electro-, electr-, electri-
(Greek > Latin: electric, electricity; from amber, resembling amber, generated from amber which when rubbed vigorously [as by friction], produced the effect of static electricity)
Electronics in our lives consists of numerous tools
Equipment which we use everyday relies on electronics to function including calculators, car controls, cameras, washing machines, medical scanners, mobile telephones, radar systems, computers; as well as many other applications or devices which are listed in this unit.
2. A technique for studying the electrical currents within the brain.
Electrodes are attached to the scalp and wires attach these electrodes to a machine, which records the electrical impulses.
The results are either printed out or displayed on a computer screen where different patterns of electrical impulses can indicate various forms of epilepsy.3. A graphic record of the minute changes in electric potential associated with the activity of the cerebral cortex, as detected by electrodes applied to the surface of the scalp.
4. A graphic chart on which is traced the electric potential produced by the brain cells, as detected by electrodes placed on the scalp.
The resulting brain waves are called alpha, beta, delta, and theta rhythms; according to the frequencies they produce, which range from two to twelve cycles per second.
Variations in brain wave activity are correlated with neurological conditions, psychological states, and levels of consciousness.
2. An apparatus for receiving and recording the electric potential produced by the brain cells.
It consists of a vacuum tube amplifier that magnifies the electrical currents received through electrodes placed on the scalp and electromagnetically records the patterns on a graphic chart.3. An appliance that is used to amplify and to record the electrical activity of the brain, either through the intact skull and scalp, or directly from the exposed cerebral cortex (electrocorticography).
It is made up of a number of channels, each of which consists of an amplifying and recording instrument that records the electrical events beneath and between a pair of recording electrodes.
2. Pertaining to an instrument that records the electric activity of the brain.
The technologist may supervise electroencephalographic technicians, who are generally responsible for the operation and maintenance of the equipment.
2. A method of graphically recording the electric activities of the brain, particularly the cerebral cortex, with electrodes attached to the scalp.
This process is used in the diagnosis of epilepsy, trauma, tumors, and degenerations of the brain; as well as, in the study of the effects of drugs on the central nervous system and certain psychological and physiological functions.
Electrodes are placed on the scalp in various locations and the difference between the electric potential of two sites is recorded. The difference between one pair or among many pairs at a time can be determined.
The use of this diagnostic technique has proven to be very helpful in studying epilepsy and convulsive disorders and in localizing lesions in the cerebrum.
During the procedure, the patient must remain quiet, with eyes closed, and not talk or move.
In certain cases prescribed activities; especially, hyperventilation, may be requested by the technician.
The test is used to diagnose seizure disorders, brainstem disorders, focal lesions, and impaired consciousness.
During neurosurgery, the electrodes can be applied directly to the surface of the brain (intracranial electroencephalography) or placed within the brain tissue (depth electroencephalography) in order to detect any lesions or tumors that might exist.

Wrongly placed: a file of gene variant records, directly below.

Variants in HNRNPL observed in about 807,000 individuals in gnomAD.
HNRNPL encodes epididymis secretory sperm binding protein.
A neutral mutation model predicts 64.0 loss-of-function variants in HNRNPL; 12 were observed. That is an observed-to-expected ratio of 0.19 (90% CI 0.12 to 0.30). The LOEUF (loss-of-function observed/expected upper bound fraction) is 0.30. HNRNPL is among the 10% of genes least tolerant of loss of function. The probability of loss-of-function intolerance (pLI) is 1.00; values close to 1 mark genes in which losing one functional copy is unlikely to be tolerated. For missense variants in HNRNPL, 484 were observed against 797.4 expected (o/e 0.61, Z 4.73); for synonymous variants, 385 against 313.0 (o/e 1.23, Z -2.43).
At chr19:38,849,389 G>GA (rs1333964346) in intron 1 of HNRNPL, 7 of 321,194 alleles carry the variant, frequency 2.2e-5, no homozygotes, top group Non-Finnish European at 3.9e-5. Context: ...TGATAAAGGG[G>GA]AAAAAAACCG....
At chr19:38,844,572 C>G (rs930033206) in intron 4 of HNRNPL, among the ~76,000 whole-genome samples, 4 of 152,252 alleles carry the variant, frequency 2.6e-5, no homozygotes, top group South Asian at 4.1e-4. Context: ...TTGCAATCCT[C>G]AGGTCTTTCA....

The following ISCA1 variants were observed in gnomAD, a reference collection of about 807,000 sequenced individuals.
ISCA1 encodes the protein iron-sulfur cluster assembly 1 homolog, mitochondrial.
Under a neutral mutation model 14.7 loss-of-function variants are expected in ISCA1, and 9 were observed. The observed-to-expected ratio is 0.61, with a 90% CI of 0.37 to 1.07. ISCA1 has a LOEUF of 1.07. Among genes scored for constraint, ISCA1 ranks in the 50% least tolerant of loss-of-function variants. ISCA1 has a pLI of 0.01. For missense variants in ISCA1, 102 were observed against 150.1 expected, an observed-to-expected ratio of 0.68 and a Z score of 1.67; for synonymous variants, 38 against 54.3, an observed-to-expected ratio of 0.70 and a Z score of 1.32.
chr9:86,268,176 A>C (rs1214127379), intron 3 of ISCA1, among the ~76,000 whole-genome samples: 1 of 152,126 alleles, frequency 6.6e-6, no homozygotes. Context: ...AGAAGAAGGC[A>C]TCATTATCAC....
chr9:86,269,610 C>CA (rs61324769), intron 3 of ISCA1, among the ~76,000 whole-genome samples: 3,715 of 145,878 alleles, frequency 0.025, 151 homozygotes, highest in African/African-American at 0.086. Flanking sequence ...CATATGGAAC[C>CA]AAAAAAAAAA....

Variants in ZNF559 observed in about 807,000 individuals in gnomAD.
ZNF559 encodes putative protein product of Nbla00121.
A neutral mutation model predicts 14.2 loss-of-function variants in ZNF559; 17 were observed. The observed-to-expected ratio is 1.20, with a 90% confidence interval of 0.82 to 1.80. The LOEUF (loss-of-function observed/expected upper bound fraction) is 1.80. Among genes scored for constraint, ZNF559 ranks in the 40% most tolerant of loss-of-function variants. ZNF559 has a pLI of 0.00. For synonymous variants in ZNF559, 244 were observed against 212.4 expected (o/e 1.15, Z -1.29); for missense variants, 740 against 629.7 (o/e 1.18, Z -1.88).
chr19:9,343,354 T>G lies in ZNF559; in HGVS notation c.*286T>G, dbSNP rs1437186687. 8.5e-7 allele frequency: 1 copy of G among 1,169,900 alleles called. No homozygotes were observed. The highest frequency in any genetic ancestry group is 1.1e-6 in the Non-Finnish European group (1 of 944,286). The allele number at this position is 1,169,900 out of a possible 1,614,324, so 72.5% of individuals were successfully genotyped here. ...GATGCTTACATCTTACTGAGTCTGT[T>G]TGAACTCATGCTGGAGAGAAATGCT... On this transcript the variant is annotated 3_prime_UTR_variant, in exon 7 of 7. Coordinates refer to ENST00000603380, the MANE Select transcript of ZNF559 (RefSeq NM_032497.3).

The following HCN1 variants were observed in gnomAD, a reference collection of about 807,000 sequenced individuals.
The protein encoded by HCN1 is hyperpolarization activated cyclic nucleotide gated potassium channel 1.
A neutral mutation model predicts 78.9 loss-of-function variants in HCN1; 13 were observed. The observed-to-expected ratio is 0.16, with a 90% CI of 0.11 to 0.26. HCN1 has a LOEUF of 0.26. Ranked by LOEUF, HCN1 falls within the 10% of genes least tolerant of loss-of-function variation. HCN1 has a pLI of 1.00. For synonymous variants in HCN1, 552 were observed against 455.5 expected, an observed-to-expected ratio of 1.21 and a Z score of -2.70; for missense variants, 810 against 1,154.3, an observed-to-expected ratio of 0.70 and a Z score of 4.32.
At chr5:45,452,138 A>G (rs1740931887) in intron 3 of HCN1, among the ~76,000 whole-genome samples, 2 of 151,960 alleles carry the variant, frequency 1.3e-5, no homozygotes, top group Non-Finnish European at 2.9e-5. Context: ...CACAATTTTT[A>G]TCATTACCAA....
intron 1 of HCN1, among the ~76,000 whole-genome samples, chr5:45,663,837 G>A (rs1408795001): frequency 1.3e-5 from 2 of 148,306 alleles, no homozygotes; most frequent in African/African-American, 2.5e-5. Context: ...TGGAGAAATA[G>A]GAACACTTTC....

2. An instrument for displaying on a cathode-ray screen the waveforms of voltages generated by various sections of the brain.
2. Endosmosis achieved or accelerated by the application of an electric current.
2. Removal of body tissue by use of an electric device; such as, a cautery.
3. A technique for the removal of bladder tumors or prostate tissue by eletrocautery.
After the administration of an anesthetic, a wire is guided to the site through the urethra with the aid of an optic probe.
Electricity is passed through the wire when the wire is properly located in the tissue to be destroyed.
The procedure is performed after the administration of an anesthetic.
2. The technology of catching fish by utilizing their tendency to seek the source of a direct electric current.
Besides those occurring in epilepsy, convulsions can also be caused by chemical or hormonal imbalances in the blood; metabolic disturbances; injury to the brain; such as, from head injury, a tumor, or a stroke and numerous other causes; such as, infection, high fever, or cerebral edema (swelling of the brain caused by the accumulation of fluid in the brain substance).
The action is similar to that of a Van de Graaff generator, but higher power density can be obtained.
A Van de Graaff generator is a type of electrostatic generator used to build up static electrical charge of very high voltages by transferring electric charge from a power supply to a spherical metal terminal.
A high-voltage source transfers an electric charge to a nonconducting conveyor belt, usually made of silk or rubber, which continuously redeposits the charge on the insulated metal terminal, where it accumulates.
Even small Van de Graaff generators can accumulate a static charge of 100,000 volts; the largest, up to ten million volts.
The references or sources of information for compiling the words and definitions in this unit are listed at this Electronic Bibliography page or specific sources are indicated when they are appropriate.
A cross reference of word units that are related, directly and/or indirectly, with "electricity": galvano-; hodo-; ion-; piezo-; -tron; volt; biomechatronics, info; mechatronics, info.